Shattered airlines were left counting the cost of government support as countries from the United States to New Zealand set out conditions for bailouts needed to absorb the shock of the coronavirus pandemic, Reuters writes.
Conditions include provisions that loans may convert to government equity stakes, while U.S. airlines cannot increase executive pay or provide “golden parachutes” for two years. Air New Zealand’s bailout also depends on the company suspending its dividend and paying interest rates of 7% to 9%.
New Zealand on Friday offered its national carrier a NZ$900 million ($510 million) lifeline, which Finance Minister Grant Robertson said would help it survive after the government banned all non-resident arrivals to the country.
“That puts us in a very good position over the next several months,” Air New Zealand chief executive Greg Foran told reporters of the loan, which it will not draw down immediately. “We would expect the airline industry will look different at the end of this. Not all airlines are going to survive.”
Under the $58 billion U.S. proposal for passenger and cargo carriers, the U.S. Treasury Department could receive warrants, stock options, or stock.
“We are not bailing out the airlines or other industries – period,” U.S. Senate Appropriations Committee Chairman Richard Shelby said. “Instead, we are allowing the Treasury Secretary to make or guarantee collateralized loans to industries whose operations the coronavirus outbreak has jeopardized.”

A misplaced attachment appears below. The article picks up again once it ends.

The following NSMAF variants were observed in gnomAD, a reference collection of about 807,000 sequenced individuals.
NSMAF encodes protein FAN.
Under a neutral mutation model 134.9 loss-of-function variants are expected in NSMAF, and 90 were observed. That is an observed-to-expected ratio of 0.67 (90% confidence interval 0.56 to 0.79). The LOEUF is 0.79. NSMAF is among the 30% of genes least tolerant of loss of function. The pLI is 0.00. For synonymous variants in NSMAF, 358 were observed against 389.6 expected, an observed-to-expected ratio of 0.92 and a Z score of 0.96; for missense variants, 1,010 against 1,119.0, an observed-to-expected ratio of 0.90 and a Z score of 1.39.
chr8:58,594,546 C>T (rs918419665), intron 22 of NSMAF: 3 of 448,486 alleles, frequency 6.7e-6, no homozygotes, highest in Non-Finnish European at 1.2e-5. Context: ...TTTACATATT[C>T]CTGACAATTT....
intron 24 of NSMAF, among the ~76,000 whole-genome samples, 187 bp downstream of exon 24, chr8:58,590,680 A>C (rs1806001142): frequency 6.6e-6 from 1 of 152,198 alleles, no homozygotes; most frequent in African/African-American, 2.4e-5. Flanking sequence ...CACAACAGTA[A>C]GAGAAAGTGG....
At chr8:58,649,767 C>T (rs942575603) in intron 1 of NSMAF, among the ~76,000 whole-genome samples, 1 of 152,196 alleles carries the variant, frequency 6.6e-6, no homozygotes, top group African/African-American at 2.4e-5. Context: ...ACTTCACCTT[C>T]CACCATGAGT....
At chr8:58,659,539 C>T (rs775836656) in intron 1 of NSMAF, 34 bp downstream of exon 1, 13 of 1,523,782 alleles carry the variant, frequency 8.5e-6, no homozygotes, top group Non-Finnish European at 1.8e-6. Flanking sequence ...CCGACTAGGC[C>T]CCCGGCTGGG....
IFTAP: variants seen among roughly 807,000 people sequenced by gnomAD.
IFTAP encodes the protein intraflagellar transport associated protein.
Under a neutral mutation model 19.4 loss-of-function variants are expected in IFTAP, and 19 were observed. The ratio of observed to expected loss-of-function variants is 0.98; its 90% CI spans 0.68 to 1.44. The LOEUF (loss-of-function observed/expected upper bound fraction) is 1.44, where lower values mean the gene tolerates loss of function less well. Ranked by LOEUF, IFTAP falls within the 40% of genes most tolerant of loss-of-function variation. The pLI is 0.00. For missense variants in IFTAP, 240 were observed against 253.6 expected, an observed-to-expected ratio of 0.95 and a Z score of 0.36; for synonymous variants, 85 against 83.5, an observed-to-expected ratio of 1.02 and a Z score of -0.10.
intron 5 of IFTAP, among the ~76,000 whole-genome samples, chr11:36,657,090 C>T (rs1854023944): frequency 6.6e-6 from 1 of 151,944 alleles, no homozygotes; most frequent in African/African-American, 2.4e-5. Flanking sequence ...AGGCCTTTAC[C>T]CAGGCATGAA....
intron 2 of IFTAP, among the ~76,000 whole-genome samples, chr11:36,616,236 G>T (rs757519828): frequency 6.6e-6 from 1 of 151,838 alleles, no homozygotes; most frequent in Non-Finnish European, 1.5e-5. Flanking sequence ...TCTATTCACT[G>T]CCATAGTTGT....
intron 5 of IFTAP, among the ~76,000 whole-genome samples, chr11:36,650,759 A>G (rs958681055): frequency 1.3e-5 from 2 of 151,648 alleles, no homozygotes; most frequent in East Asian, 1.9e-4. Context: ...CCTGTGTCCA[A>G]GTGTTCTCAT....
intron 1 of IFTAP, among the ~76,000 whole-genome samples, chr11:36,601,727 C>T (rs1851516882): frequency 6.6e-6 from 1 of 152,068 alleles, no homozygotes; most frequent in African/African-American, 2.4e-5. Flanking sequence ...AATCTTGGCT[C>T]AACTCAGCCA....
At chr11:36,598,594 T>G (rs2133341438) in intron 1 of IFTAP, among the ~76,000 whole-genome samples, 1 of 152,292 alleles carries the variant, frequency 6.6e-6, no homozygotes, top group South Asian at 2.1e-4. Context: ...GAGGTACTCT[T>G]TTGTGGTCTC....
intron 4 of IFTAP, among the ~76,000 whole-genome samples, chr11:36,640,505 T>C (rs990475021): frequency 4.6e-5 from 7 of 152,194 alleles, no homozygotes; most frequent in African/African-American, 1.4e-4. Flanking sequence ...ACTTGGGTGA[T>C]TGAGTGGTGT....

Norway will back airlines with credit guarantees worth up to 6 billion Norwegian crowns ($537 million), half of them to Norwegian Air Shuttle ASA. Conditions include raising money from commercial banks and the equity market.
Finland, which owns a 56% stake in Finnair, said it would guarantee a 600 million euro ($645 million) loan for the state carrier. The firm said it was implementing a funding plan that included drawing on available credit lines, sale and leasebacks of planes. Its stock jumped 16%.
The International Air Transport Association (IATA) has forecast the industry will need up to $200 billion of state support, piling pressure on governments facing demands from all quarters and a rapid worsening in public finances as economies slump.